In 2000, the couple divorced. Norton afterward lived much of the time in New York. In February 2001, a fire caused by faulty wiring destroyed the Martha's Vineyard home; Norton had it rebuilt to almost exactly as it was before the fire. Meanwhile, he began a relationship with New York financier Gwen Adams. She was an "Islander" who lived in the area. The couple spends ten weeks of summer in the Corbin-Norton House annually. In May 2007, they married in a church in nearby Edgartown; the ceremony was performed by their neighbor, scholar and author Henry Louis Gates Jr.[23]


In 1989 Peter and Eileen Norton founded the Peter Norton Family Foundation, which gives financial support to visual and contemporary non-profit arts organizations, as well as human social services organizations.

Norton serves on the boards of the California Institute of Technology,[25] California Institute of the Arts,[26] Crossroads School (Santa Monica, California),[27] and the Museum of Modern Art in New York (since 1999).[28] He is a trustee emeritus of Reed College.[29]

In 2003, Norton became the chairman of the board of MoMA PS1 in Long Island City, New York.[30] In 2004, he re-joined the Whitney Museum of American Art's board after leaving it in 1998. He also serves on the executive committee of the Guggenheim Museum’s International Directors’ Council, the museum's primary acquisition committee, and on the board of the Los Angeles County Museum of Art.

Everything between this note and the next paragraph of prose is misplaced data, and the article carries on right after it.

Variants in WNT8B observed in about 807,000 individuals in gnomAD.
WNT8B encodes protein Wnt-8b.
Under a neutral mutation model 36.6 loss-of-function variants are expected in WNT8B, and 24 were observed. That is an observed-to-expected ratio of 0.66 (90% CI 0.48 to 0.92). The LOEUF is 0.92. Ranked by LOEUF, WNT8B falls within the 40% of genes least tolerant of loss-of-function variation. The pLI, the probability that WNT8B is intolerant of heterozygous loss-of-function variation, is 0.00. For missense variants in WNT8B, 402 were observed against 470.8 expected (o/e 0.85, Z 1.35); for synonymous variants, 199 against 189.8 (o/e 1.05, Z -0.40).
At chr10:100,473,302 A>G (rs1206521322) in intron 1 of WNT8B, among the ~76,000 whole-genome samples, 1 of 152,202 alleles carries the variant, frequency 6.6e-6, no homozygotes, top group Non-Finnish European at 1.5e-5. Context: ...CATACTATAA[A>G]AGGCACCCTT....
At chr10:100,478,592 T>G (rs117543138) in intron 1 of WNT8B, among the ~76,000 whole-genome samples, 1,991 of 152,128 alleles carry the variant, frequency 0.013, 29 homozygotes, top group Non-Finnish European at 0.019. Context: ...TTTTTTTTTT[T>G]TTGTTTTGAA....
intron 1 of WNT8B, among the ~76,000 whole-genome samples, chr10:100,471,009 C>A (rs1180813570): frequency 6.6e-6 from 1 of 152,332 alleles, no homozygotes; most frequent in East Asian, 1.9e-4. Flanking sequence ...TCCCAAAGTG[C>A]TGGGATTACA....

With his first wife, Norton accumulated one of the largest modern contemporary art collections in the United States.[30] Many of the pieces are on loan all over the world at any given time; many were on view at Symantec Corporation. The foundation and the Norton Family Office are located in Santa Monica. ARTnews magazine regularly lists Norton among the world's top 200 collectors.

In 1999, Norton purchased letters written to Joyce Maynard by reclusive author J. D. Salinger for $156,500. (Salinger had a year-long affair with Maynard in 1972 when she was 18.) Maynard said she was forced to auction the letters for financial reasons. Norton announced that his intention was to return the letters to Salinger.[31]

In 1999 Norton donated $600,000 to the Signature Theatre Company (New York City) which renamed its home Off Broadway theatre at 555 West 42nd Street to "Signature Theatre Company at the Peter Norton Space."[32] It maintained that name until the theatre moved to a new venue in 2012.

In March 2015, Norton organized a second major art donation project: he donated numerous pieces from his personal art collection to museums internationally. The Rose Art Museum received 41 artworks, ranging from prints, sculptures, photography, and other mixed media.[33]

In April 2016, Norton donated an additional 100+ pieces from his personal art collection to selected university art museums,[34] namely, 75 pieces to the University of California, Riverside ARTSblock organization[35] and 68 pieces to Northwestern University's Block Museum.[36]